Cimarron Connecticut Robusto. In 2018, Tabacalera El Artista released the Cimarron. And not just in one blend, but in three. Once with a Connecticut Shade wrapper, one with a Maduro wrapper. And a third one, with a Habano wrapper exclusively for Germany. Recently, a soft box-pressed toro was launched as a Dominican exclusive. Ram Rodriguez, the third generation to work at Tabacalera El Artista, was heavily involved in the blending process. And as he is not a fan of Connecticut Shade tobacco, blending the Connecticut version was hard to do. In a Zoom conversation, Rodriguez said he feels like he succeeded. And that the Cimarron is a Connecticut Shade blend that is suitable for the smokers that don’t like Connecticut Shade wrappers. That includes me, I dislike Connecticut Shade with a passion.

Tabacalera El Artista is around since 1965, but most of the time, they have been on the background. Going and trading tobacco, making private labels, and no-name bundle cigars. But the last few years, Tabacalera El Artista is coming in strong with great blends under their own brands. And as tobacco growers, they are innovators. The filler of the Cimarron uses T13 tobacco, a hybrid. Created by Tabacalera El Artista. The company is also responsible for bringing back Negrito, an old tobacco variety. It was very popular in the mid-1900s but lost popularity. Ram Rodriguez brought it back as a tribute to his grandfather. Tabacalera El Artista uses Dominican Negrito in many of its blends. The wrapper on this 5×54 Robusto comes from Honduras, which is different from Ecuadorian or American Connecticut Shade.

The wrapper is quite dark for a Connecticut Shade. It has a thin, long, vein on the side. The classic looking ring is clean and clear. White, green, and gold are a color combination that works well. The cigar has a beautiful triple cap and feels well constructed. The aroma is medium strong, the aroma is that of a freshly cut down apple tree mixed with straw.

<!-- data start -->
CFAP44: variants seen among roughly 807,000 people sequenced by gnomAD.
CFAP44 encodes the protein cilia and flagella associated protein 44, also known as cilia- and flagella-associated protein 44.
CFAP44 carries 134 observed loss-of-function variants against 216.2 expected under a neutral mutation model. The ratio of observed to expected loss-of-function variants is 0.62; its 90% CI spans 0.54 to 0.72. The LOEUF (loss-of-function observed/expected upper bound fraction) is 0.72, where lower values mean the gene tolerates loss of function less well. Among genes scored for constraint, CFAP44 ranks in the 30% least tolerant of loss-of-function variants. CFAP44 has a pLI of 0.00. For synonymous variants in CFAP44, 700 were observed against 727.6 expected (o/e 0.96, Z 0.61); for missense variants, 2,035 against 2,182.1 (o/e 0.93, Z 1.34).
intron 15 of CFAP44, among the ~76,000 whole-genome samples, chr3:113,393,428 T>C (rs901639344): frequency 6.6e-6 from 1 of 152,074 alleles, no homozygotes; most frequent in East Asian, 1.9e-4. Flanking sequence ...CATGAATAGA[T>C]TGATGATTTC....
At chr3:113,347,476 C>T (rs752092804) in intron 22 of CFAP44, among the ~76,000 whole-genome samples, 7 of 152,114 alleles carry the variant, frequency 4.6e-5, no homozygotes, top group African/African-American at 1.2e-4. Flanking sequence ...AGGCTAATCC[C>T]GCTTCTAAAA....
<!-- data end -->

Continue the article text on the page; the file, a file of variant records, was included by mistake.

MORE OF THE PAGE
The cold draw is fine with a mild wooden flavor. Once lit, the cigar has a spice, oak, sweetness, but also a little bit of that old book Connecticut flavor. The cigar does have some bitterness that is classic Connecticut Shade as well, but all the while it’s creamy too. There are pepper, cedar, and leather. The sweetness is almost marzipan like. Halfway the first third, there is a slightly nutty flavor as well. After a third, the cigar is woody with nuts, some sweetness, soil, and leather. Halfway, the nuttiness of the flavors is enough to fool the smoker into thinking it’s a Corojo wrapper. There is no sign of the classic Connecticut profile, just a nice and spicy nuttiness that fits more into a Corojo profile. The final third is a beautiful mix of different woods, soil, leather, and nuts. The pepper is still there but balanced and on the background. The finale is peppery and strong.

The draw is fine while the smoke is thick and nice. The burn is straight. The grayish ash is firm. The cigar is medium in both body and flavor. There is a nice evolution in the cigar. All along with the cigar, there is a little roughness that gives the mildness some edge. Without that roughness, the cigar would be boring. The smoke time is three hours and thirty minutes.

Would I buy this cigar again? It’s one of the few Connecticut’s I enjoyed.

Categories: 90, Cimarron, Dominican cigars, Tabacalera El Artista | Tags: , , , ,

My Father Fonseca Robusto

My Father Fonseca Robusto. A Nicaraguan Fonseca, only available in the United States and possibly the Dominican Republic. Because the trademark that My Father Cigars acquired from Quesada Cigars in December of last year is only valid there. Cubatabaco owns the trademark for the Fonseca brand in the rest of the world. And now the new cigar is released. It’s highly anticipated, as My Father Cigars has been making fantastic cigars for years. The company won the Cigar Aficionado Top 25 list twice in the last decade. Not many companies can say that.

The new blend is all Nicaraguan. And all the tobacco comes from the farms of the Garcia family. The wrapper is a shade-grown Corojo ’99 Rosado variety. For this review, I smoked the 5¼x52 Robusto. Other sizes available are a 5½x54 Belicoso, 5⅜x42 Cosacos, 4¼x40 Petit Corona, 6×55 Toro Gordo, and a 6¼x52 Cedros. The last one is wrapped in cedar. The Cosacos come with the iconic Fonseca wax paper. The brand is 130 years old, but since the Cuban revolution, there are two versions. One Cuban, owned by Cubatobaco for the international markets. And one new world version for the American market. Fun fact is that Don Francisco Fonseca, the founder of the brand, moved to New York and became an American citizen in the early 1900s while still operating the factory in Cuba.